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Re: Letter of Tony Q. Valenciano, re: Holding of Religious Rituals at the Halls of Justice Bldg.

in Quezon City (2007)

Doctrine: The State still recognizes the inherent right of the people to have some form of belief system. As embodied in our preamble, that Filipino
people in "imploring the aid of Almighty God" manifested their spirituality innate in our nature and consciousness as a people, shaped by tradition and
historical experience.

Facts:

This controversy originated from a series of Letters written by Valenciano and addressed to Chief Justice Puno reporting that the basement of city hall
had been converted into Roman Catholic Chapel. He believe that such practice violate the constitutional provision on the separation of State and Church
and the constitutional prohibition against appropriation of public money and property for the benefit of a sect, church or any other system of religion. He
further averred that the holding of masses at the basement of city hall showed that it tended to favor the Catholic litigant; that the rehearsels and other
activities caused a great disturbance to the employees; and that the court function are affected due to the masses that is being held from 12nn to 1:15pm.

Issue: WHETHER THE HOLDING OF MASSES AT THE BASEMENT OF THE QUEZON CITY HALL OF JUSTICE VIOLATES THE CONSTITUTIONAL PRINCIPLE
OF SEPARATION OF CHURCH AND STATE AS WELL AS THE CONSTITUTIONAL PROHIBITION AGAINST APPROPRIATION OF PUBLIC MONEY OR
PROPERTY FOR THE BENEFIT OF ANY SECT, CHURCH, DENOMINATION, SECTARIAN INSTITUTION, OR SYSTEM OF RELIGION.

Ruling: NO

The State still recognizes the inherent right of the people to have some form of belief system, whether such may be belief in a Supreme Being, a certain
way of life, or even an outright rejection of religion. Allowing the citizens to practice their religion is not equivalent to a fusion of Church and State.

As reported by the Executive Judges of Quezon City, the masses were being conducted only during noon breaks and were not disruptive of public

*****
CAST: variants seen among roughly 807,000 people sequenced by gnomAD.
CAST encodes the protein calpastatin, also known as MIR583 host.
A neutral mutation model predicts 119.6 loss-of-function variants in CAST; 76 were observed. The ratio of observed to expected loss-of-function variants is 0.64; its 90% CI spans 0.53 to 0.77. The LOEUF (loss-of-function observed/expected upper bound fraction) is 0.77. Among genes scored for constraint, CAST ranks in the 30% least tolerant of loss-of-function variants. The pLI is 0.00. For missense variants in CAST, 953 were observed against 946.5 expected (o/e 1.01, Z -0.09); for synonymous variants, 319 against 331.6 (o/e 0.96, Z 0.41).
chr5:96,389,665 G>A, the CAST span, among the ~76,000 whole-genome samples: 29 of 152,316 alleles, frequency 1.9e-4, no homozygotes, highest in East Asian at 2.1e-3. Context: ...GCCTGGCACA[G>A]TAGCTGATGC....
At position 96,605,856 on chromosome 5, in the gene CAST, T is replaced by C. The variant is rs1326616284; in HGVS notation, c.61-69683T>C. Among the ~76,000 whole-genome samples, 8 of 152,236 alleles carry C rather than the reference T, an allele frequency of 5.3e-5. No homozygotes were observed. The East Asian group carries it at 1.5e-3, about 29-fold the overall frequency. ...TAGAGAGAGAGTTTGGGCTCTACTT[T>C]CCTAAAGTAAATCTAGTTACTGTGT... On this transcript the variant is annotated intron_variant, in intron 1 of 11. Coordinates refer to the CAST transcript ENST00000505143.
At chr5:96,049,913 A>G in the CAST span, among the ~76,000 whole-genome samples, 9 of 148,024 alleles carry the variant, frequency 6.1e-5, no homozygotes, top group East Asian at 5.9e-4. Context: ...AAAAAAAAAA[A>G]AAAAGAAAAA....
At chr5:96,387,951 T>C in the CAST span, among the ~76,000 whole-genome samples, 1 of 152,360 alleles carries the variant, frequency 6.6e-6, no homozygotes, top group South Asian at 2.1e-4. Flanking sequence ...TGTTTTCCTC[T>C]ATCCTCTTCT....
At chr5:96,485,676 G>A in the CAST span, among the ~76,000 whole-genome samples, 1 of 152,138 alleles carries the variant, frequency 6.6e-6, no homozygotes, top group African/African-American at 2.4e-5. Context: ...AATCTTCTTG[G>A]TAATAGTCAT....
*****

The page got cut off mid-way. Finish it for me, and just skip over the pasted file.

services. The court proceedings were not being distracted or interrupted and that the performance of the judiciary employees were not being adversely
affected. Moreover, no Civil Service rules were being violated. As there has been no detrimental effect on the public service or prejudice to the State, there
is simply no state interest compelling enough to prohibit the exercise of religious freedom in the halls of justice.

The basement of the QC Hall of Justice is not appropriated, applied or employed for the sole purpose of supporting the Roman Catholics.

Further, it has not been converted into a Roman Catholic chapel for the exclusive use of its faithful contrary to the claim of Valenciana.

The State still recognizes the inherent right of the people to have some form of belief system. Thus, the preamble of the present Constitution reads:

We, the sovereign Filipino people, imploring the aid of Almighty God, in order to build a just and humane society, and establish a Government that shall
embody our ideals and aspirations, promote the common good, conserve and develop our patrimony, and secure to ourselves and our posterity, the
blessings of independence and democracy under the rule of law and a regime of truth, justice, freedom, love, equality, and peace, do ordain and
promulgate this Constitution.
The Filipino people in "imploring the aid of Almighty God" manifested their spirituality innate in our nature and consciousness as a people, shaped by
tradition and historical experience. As this is embodied in the preamble, it means that the State recognizes with respect the influence of religion in so far
as it instills into the mind the purest principles of morality.